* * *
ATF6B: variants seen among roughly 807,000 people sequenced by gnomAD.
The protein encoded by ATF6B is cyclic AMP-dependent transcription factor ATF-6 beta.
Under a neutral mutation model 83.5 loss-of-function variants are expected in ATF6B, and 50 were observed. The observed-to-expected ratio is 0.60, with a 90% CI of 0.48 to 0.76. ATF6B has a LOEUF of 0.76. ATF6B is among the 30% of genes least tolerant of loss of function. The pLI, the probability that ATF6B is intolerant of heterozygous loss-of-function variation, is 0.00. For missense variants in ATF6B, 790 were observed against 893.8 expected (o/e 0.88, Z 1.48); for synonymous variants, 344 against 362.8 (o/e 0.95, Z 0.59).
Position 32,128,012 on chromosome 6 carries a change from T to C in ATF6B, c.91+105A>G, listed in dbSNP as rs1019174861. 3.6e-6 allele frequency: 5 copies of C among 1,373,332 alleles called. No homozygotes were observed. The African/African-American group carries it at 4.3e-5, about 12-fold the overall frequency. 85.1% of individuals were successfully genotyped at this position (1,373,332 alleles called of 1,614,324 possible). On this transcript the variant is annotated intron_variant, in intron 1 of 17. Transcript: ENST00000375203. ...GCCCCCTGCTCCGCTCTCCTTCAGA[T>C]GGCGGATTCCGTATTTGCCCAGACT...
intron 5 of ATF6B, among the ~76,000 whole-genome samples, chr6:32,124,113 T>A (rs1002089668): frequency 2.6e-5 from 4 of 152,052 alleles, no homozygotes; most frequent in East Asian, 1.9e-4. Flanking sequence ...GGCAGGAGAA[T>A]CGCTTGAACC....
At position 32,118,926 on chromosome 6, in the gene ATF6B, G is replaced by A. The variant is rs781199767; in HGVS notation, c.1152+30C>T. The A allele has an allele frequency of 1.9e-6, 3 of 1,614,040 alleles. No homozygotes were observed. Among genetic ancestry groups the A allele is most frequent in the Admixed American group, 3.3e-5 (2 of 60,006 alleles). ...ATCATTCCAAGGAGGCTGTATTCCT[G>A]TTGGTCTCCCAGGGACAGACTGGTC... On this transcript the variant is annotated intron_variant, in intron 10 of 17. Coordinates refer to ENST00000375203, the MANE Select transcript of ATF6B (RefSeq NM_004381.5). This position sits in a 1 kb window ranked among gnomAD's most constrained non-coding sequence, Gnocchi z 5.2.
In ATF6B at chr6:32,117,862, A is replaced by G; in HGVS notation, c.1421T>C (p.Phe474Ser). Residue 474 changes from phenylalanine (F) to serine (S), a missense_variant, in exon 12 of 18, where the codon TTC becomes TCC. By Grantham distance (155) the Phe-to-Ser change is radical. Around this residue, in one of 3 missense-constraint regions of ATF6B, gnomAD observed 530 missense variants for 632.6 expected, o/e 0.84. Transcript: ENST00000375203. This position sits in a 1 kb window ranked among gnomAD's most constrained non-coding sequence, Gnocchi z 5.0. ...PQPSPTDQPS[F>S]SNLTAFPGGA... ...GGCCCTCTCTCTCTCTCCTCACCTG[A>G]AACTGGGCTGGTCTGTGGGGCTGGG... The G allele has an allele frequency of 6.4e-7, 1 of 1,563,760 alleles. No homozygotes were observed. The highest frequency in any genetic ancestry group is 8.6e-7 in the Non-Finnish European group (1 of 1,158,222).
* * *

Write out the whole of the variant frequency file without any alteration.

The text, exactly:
ATF6B: variants seen among roughly 807,000 people sequenced by gnomAD.
The protein encoded by ATF6B is cyclic AMP-dependent transcription factor ATF-6 beta.
Under a neutral mutation model 83.5 loss-of-function variants are expected in ATF6B, and 50 were observed. The observed-to-expected ratio is 0.60, with a 90% CI of 0.48 to 0.76. ATF6B has a LOEUF of 0.76. ATF6B is among the 30% of genes least tolerant of loss of function. The pLI, the probability that ATF6B is intolerant of heterozygous loss-of-function variation, is 0.00. For missense variants in ATF6B, 790 were observed against 893.8 expected (o/e 0.88, Z 1.48); for synonymous variants, 344 against 362.8 (o/e 0.95, Z 0.59).
Position 32,128,012 on chromosome 6 carries a change from T to C in ATF6B, c.91+105A>G, listed in dbSNP as rs1019174861. 3.6e-6 allele frequency: 5 copies of C among 1,373,332 alleles called. No homozygotes were observed. The African/African-American group carries it at 4.3e-5, about 12-fold the overall frequency. 85.1% of individuals were successfully genotyped at this position (1,373,332 alleles called of 1,614,324 possible). On this transcript the variant is annotated intron_variant, in intron 1 of 17. Transcript: ENST00000375203. ...GCCCCCTGCTCCGCTCTCCTTCAGA[T>C]GGCGGATTCCGTATTTGCCCAGACT...
intron 5 of ATF6B, among the ~76,000 whole-genome samples, chr6:32,124,113 T>A (rs1002089668): frequency 2.6e-5 from 4 of 152,052 alleles, no homozygotes; most frequent in East Asian, 1.9e-4. Flanking sequence ...GGCAGGAGAA[T>A]CGCTTGAACC....
At position 32,118,926 on chromosome 6, in the gene ATF6B, G is replaced by A. The variant is rs781199767; in HGVS notation, c.1152+30C>T. The A allele has an allele frequency of 1.9e-6, 3 of 1,614,040 alleles. No homozygotes were observed. Among genetic ancestry groups the A allele is most frequent in the Admixed American group, 3.3e-5 (2 of 60,006 alleles). ...ATCATTCCAAGGAGGCTGTATTCCT[G>A]TTGGTCTCCCAGGGACAGACTGGTC... On this transcript the variant is annotated intron_variant, in intron 10 of 17. Coordinates refer to ENST00000375203, the MANE Select transcript of ATF6B (RefSeq NM_004381.5). This position sits in a 1 kb window ranked among gnomAD's most constrained non-coding sequence, Gnocchi z 5.2.
In ATF6B at chr6:32,117,862, A is replaced by G; in HGVS notation, c.1421T>C (p.Phe474Ser). Residue 474 changes from phenylalanine (F) to serine (S), a missense_variant, in exon 12 of 18, where the codon TTC becomes TCC. By Grantham distance (155) the Phe-to-Ser change is radical. Around this residue, in one of 3 missense-constraint regions of ATF6B, gnomAD observed 530 missense variants for 632.6 expected, o/e 0.84. Transcript: ENST00000375203. This position sits in a 1 kb window ranked among gnomAD's most constrained non-coding sequence, Gnocchi z 5.0. ...PQPSPTDQPS[F>S]SNLTAFPGGA... ...GGCCCTCTCTCTCTCTCCTCACCTG[A>G]AACTGGGCTGGTCTGTGGGGCTGGG... The G allele has an allele frequency of 6.4e-7, 1 of 1,563,760 alleles. No homozygotes were observed. The highest frequency in any genetic ancestry group is 8.6e-7 in the Non-Finnish European group (1 of 1,158,222).